Glorious Din - Closely Watched Trains LP
Onderstroom present a reissue of Glorious Din's Closely Watched Trains, originally released in 1987.
How a boy from the Sri Lankan jungle formed the greatest post-punk band you've never heard. Fronted by an intense singer with an oblique songbook and a mysterious past, Glorious Din was unlike any other group to emerge from San Francisco's '80s underground. With singer Eric Cope, the chosen persona of a Joy Division-obsessed Sri Lankan boy who travelled halfway around the world to follow his punk dream.
The multifaceted nature of the '80s scene can seem baffling to outsiders, encompassing everything from three-chord thrash punk to garage-band pop, experimental art rock and atonal noise. Glorious Din mesmerizing sound instantly gets under your skin via their non-standard drum patterns, Eastern-sounding guitar melodies, a melodic bass in pole position and a dissociative singer. The enigmatic group helped total unknowns gain recognition and were the uncommon glue linking Faith No More, the Dead Kennedys, and Michael Franti, as well as R.E.M. and the Cocteau Twins.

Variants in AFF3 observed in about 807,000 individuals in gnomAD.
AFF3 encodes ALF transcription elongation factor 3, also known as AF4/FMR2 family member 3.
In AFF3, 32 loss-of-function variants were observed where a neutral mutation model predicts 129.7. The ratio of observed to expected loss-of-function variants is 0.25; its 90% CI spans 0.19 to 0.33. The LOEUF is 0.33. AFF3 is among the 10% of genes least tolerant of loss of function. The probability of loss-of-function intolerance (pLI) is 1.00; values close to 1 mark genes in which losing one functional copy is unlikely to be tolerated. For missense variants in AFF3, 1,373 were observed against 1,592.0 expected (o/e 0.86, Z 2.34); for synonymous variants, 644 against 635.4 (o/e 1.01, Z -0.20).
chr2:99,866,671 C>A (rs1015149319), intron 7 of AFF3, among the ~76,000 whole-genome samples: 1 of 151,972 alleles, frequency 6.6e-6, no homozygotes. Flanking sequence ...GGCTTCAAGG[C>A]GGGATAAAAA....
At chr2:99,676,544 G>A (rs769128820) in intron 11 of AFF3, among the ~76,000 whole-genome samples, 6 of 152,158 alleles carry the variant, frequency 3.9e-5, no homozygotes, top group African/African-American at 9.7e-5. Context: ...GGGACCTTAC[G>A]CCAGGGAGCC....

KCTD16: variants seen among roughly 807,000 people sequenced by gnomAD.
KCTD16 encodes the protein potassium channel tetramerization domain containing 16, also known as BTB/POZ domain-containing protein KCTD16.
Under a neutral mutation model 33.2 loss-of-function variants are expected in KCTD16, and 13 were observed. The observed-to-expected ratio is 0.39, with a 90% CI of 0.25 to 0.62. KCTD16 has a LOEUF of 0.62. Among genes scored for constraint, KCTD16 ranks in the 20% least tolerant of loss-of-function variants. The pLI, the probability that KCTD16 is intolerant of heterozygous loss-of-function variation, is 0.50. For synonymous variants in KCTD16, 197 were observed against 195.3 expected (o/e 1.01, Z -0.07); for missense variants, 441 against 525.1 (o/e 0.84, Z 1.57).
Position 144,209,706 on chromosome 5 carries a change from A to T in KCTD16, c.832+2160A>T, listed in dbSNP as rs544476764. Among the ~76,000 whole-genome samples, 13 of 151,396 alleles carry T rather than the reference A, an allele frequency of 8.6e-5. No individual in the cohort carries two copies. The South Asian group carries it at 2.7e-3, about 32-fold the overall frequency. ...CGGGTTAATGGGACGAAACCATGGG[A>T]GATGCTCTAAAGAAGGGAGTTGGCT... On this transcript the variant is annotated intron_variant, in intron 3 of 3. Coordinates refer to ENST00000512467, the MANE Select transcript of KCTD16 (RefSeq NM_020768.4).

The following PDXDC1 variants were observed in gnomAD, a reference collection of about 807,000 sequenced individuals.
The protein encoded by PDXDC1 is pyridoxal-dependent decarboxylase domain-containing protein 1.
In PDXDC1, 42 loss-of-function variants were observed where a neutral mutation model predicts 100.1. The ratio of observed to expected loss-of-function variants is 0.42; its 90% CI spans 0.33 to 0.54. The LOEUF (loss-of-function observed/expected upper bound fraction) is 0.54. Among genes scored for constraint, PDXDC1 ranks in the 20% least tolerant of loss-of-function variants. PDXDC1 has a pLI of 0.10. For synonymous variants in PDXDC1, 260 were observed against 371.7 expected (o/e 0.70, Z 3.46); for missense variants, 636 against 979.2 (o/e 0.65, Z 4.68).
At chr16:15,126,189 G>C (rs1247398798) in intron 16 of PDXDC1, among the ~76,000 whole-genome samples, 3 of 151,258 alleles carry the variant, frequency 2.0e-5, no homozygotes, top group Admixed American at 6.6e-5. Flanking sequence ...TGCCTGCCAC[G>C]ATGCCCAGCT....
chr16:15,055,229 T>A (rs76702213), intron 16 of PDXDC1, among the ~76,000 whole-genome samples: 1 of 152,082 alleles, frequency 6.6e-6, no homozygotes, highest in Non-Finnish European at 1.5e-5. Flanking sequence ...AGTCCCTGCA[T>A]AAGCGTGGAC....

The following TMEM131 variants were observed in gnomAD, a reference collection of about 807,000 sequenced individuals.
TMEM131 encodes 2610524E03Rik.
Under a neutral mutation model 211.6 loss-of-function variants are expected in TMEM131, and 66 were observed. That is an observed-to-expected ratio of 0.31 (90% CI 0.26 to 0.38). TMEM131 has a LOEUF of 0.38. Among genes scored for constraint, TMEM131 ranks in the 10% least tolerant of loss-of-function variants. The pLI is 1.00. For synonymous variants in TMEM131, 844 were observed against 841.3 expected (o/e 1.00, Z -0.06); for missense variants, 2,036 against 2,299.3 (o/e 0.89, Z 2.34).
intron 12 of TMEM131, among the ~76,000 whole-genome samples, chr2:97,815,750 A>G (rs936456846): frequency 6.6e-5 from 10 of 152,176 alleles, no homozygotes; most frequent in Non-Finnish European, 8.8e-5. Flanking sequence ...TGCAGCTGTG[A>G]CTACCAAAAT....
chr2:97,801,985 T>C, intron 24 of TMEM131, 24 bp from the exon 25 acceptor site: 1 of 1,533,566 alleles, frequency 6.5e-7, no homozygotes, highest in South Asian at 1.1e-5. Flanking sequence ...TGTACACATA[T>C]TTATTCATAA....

Glorious Din's appeal was their mysteriousness: a quartet of mismatched musicians not necessarily playing their chosen instruments, with the obscure lyrics of their intense frontman near impossible to decipher. The group imploded after only three years, but their cult appeal has lasted far longer through their two albums and related material.
Glorious Din's second album, Closely Watched Trains, had a very different sound from its predecessor. Eric was listening to a lot of Nick Drake, so they mixed the vocals and guitar much louder than the other instruments. Nevertheless, the album showed a growth and maturity on the band's part. Paget plays a metal dobro on some numbers, which adds a sheen of folk to the post-punk proceedings, as heard on the opener "Stilt Walkers." "1651 Map" has Cope seemingly recounting a colonial uprising or an industrial dispute over a sparse rhythm led by Paget's minimal guitar, and early number "Voices Everywhere" is here reprised as a joyous blast, the lyrics speaking of a pending arrival. Paget is well-represented with "Red Dirt", which has fantastic modulated bass from Heeschen, "Circle Star," another freedom track, and the melodious "Blood."
Now exactly 30 years later, Closely Watched Trains is still a more than rewarding listen and a vivid document of the times.